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This page is written by the game's inventor, H. G. Muller.

Ghost King Chess

In the historic Japanese variant Maka Dai Dai Shogi the King could promote to an ominipotent Emperor. This piece could move or capture to any square on the board, with as only exception that it could not capture the opponent's royal piece when that was protected.

The variant described here was designed for trying how an omnipotent royal piece would work in a FIDE context. The logical name would be Emperor Chess, but since that name was already taken, I renamed the Emperor to 'Ghost King'.


The setup is that of orthodox Chess, with the understanding that the King is replaced by a Ghost King.


The Ghost King moves like a Universal Leaper (aka Kraken): it can teleport to any square on the board that is empty, or contains an enemy piece (which is then captured). Staying where it was never counts as a move, though. (So you cannot pass your turn!)

Other pieces move as in orthodox Chess.


The game is won by capturing the opponent's Ghost King, with the restriction that you cannot do this with your own Ghost King if that exposes the latter to capture.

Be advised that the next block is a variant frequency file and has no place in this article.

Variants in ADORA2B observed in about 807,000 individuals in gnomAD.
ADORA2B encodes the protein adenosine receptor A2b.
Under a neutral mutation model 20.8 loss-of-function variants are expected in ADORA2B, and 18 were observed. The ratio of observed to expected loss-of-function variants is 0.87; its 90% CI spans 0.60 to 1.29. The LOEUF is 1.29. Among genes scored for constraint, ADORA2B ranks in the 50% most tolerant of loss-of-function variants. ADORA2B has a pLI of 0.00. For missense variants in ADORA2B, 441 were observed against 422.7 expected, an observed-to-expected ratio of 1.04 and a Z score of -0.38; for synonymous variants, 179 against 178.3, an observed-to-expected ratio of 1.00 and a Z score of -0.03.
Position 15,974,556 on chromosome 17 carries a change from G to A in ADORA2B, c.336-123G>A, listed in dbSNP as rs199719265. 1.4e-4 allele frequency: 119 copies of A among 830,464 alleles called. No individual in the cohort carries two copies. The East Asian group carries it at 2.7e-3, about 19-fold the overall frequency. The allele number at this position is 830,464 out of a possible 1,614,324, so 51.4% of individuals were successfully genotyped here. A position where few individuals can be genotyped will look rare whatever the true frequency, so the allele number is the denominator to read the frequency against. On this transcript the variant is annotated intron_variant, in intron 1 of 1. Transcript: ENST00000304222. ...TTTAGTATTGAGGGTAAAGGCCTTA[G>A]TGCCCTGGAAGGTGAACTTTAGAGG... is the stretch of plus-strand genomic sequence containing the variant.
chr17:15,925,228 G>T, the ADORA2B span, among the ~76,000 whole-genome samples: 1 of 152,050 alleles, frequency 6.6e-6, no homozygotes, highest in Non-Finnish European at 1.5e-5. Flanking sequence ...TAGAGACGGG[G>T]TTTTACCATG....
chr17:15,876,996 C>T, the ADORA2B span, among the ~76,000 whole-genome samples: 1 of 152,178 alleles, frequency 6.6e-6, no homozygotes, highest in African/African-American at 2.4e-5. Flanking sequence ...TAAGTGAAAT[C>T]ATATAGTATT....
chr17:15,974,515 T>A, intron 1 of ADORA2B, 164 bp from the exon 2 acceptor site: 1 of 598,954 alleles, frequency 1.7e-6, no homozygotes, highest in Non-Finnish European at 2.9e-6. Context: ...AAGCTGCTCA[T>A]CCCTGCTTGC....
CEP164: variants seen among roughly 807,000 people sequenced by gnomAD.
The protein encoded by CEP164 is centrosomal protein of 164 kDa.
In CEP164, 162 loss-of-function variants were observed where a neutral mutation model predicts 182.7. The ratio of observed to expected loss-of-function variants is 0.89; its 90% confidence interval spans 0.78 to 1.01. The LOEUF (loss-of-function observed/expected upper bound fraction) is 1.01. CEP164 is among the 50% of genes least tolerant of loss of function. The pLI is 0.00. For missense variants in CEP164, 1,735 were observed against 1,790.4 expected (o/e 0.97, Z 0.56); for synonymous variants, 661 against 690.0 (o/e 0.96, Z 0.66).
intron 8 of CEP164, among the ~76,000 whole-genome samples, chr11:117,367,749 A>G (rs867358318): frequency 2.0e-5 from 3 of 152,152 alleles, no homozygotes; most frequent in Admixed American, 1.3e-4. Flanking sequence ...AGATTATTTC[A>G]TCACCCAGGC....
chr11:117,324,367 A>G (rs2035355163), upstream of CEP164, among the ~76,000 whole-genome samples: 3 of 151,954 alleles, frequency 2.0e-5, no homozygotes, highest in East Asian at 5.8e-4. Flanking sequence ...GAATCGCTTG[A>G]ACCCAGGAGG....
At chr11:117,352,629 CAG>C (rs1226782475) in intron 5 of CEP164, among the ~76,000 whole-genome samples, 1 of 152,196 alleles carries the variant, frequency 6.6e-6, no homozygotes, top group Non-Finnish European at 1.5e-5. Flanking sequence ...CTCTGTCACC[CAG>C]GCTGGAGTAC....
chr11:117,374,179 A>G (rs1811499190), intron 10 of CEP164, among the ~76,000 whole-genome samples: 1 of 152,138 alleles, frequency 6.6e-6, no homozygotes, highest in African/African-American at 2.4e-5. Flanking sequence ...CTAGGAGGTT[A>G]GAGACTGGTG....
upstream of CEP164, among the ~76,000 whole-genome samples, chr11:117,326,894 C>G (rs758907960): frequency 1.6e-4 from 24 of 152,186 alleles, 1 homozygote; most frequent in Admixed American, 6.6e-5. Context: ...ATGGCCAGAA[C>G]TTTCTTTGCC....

There is no restriction on exposing your Ghost King to capture on other moves. (Doing so will of course lose you the game, but it means stalemate does not exist.)

Otherwise FIDE rules apply.


Leaving your Ghost King unprotected loses immediately, as the opponent's Ghost King can then take it. So although it is always legal for a Ghost King to capture any non-royal opponent piece, it would be suicidal if you have no second attacker on that piece, which would protect your Ghost King afterwards. Of course such a second attacker would not help you if there were non-royal pieces protecting the potential victim; these could capture your Ghost King anyway.

The tactical effects of the omnipotence is thus not as large as we might have imagined. On rare occasions the Ghost King can be used to capture an opponent, if the other attackers are somehow tied up (e.g. because these were pinned, or must keep protecting some other piece).

Checkmating the Ghost King in the middle-game is almost impossible. Victory must be achieved by eliminating the pieces that could keep it protected, so that the number of squares where it could be protected becomes small enough so that they can all be kept under attack.

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By H. G. Muller.

Last revised by H. G. Muller.

Web page created: 2023-09-16. Web page last updated: 2023-12-13